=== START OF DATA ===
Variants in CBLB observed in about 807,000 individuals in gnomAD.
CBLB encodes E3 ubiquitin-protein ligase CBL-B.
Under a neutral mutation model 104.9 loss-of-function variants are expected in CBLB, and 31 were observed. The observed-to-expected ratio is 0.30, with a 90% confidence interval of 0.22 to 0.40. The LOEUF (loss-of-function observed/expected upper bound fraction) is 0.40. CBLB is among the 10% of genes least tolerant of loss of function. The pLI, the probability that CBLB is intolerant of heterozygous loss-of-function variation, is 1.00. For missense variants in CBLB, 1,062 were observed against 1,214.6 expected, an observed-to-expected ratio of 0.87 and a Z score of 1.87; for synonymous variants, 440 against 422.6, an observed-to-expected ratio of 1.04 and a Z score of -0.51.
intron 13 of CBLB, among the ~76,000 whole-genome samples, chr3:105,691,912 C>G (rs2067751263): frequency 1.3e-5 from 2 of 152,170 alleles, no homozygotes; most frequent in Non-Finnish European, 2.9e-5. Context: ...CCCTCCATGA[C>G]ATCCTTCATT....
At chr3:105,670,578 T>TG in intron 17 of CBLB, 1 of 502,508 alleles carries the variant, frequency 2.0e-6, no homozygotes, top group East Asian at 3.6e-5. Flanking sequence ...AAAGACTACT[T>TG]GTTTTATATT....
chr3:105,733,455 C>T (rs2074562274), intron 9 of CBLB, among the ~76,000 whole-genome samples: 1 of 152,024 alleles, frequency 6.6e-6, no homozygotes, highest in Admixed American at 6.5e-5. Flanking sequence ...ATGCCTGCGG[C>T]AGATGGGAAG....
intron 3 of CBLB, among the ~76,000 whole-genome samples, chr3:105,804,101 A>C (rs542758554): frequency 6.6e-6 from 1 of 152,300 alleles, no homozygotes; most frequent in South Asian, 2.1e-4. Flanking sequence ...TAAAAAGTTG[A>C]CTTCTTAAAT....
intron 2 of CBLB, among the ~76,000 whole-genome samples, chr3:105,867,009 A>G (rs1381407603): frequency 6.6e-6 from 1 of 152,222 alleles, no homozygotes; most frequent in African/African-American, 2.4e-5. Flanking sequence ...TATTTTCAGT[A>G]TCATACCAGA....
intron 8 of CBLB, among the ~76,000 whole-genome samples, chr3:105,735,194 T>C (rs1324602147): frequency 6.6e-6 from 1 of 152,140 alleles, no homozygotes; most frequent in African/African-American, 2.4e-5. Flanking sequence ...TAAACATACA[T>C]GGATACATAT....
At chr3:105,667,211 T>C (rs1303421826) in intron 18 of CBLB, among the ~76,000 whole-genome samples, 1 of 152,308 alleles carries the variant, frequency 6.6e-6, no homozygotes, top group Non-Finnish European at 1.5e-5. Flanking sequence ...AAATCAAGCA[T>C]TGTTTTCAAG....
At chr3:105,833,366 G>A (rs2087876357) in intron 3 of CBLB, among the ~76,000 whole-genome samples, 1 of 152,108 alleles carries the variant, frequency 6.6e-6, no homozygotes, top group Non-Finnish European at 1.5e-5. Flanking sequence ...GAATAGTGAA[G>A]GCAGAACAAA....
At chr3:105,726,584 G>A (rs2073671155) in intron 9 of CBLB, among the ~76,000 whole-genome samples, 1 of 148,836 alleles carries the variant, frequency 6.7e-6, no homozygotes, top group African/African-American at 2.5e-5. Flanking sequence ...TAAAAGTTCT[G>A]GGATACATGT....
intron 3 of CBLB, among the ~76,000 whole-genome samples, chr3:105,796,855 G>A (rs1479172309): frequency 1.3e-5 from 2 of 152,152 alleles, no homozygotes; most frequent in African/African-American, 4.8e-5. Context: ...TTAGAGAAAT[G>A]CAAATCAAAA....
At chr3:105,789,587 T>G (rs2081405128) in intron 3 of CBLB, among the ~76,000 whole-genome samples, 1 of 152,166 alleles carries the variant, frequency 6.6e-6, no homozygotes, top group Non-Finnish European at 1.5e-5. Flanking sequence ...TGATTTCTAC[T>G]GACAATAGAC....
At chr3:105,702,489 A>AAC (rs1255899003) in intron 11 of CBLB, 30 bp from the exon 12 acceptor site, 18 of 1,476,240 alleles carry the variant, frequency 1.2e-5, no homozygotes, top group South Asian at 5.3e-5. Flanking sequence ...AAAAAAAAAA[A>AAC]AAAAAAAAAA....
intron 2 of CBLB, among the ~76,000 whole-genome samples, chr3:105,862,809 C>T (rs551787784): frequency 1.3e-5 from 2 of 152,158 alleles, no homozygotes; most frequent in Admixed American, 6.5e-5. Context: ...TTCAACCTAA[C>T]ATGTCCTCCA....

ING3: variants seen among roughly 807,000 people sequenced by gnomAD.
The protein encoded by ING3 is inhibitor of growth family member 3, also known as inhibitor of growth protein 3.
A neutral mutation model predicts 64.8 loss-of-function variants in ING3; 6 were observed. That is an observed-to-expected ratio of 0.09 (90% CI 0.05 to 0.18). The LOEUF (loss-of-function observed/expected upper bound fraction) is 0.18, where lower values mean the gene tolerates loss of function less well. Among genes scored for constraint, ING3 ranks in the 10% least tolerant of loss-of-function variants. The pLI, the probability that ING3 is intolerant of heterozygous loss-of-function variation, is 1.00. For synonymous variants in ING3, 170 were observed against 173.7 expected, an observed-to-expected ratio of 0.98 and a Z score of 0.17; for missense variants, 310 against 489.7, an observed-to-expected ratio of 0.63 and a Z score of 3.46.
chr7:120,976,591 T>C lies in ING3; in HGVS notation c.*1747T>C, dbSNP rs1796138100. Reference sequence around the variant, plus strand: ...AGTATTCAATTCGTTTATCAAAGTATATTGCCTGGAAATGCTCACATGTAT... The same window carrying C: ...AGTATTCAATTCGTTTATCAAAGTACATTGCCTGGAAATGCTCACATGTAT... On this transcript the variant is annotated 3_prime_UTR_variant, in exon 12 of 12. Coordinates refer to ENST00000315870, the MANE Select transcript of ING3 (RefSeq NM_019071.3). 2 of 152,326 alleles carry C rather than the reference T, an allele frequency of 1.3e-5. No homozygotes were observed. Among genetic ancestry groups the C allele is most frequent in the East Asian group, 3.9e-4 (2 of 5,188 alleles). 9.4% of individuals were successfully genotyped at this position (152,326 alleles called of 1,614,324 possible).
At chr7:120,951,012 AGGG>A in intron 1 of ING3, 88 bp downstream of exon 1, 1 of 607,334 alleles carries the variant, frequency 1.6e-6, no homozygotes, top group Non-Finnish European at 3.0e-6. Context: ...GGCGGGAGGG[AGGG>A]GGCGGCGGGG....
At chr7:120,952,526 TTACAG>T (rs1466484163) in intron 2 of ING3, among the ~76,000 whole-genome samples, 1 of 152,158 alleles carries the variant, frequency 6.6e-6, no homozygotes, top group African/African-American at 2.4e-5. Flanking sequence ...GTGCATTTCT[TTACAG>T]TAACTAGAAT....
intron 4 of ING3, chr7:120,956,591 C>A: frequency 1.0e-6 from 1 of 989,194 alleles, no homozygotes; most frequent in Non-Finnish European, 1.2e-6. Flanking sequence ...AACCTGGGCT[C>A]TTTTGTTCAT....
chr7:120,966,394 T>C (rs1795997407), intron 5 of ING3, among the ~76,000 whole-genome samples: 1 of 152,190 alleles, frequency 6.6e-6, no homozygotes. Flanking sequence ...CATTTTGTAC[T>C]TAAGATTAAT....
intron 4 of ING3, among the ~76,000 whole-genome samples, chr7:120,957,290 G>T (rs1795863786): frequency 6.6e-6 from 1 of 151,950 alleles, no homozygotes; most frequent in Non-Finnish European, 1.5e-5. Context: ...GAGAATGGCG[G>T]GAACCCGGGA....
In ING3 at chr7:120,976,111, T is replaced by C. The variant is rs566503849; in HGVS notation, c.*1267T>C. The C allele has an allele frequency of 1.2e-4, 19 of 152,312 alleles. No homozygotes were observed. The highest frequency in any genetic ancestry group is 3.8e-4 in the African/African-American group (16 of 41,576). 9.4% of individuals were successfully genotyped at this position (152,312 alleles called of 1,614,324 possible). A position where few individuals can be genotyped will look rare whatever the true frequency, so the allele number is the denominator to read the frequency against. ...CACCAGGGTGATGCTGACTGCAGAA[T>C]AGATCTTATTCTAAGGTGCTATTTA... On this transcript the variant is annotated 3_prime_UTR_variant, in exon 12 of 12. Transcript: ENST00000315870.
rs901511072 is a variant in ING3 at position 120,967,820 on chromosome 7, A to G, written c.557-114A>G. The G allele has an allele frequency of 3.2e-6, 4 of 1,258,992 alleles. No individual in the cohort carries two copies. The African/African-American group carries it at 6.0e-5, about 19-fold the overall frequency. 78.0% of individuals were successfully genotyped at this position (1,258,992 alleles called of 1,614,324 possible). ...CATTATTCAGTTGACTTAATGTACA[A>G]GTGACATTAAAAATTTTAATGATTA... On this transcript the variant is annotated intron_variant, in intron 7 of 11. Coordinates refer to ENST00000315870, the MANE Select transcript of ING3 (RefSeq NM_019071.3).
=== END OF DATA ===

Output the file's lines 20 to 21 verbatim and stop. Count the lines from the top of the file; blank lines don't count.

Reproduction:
chr7:120,976,591 T>C lies in ING3; in HGVS notation c.*1747T>C, dbSNP rs1796138100. Reference sequence around the variant, plus strand: ...AGTATTCAATTCGTTTATCAAAGTATATTGCCTGGAAATGCTCACATGTAT... The same window carrying C: ...AGTATTCAATTCGTTTATCAAAGTACATTGCCTGGAAATGCTCACATGTAT... On this transcript the variant is annotated 3_prime_UTR_variant, in exon 12 of 12. Coordinates refer to ENST00000315870, the MANE Select transcript of ING3 (RefSeq NM_019071.3). 2 of 152,326 alleles carry C rather than the reference T, an allele frequency of 1.3e-5. No homozygotes were observed. Among genetic ancestry groups the C allele is most frequent in the East Asian group, 3.9e-4 (2 of 5,188 alleles). 9.4% of individuals were successfully genotyped at this position (152,326 alleles called of 1,614,324 possible).
At chr7:120,951,012 AGGG>A in intron 1 of ING3, 88 bp downstream of exon 1, 1 of 607,334 alleles carries the variant, frequency 1.6e-6, no homozygotes, top group Non-Finnish European at 3.0e-6. Context: ...GGCGGGAGGG[AGGG>A]GGCGGCGGGG....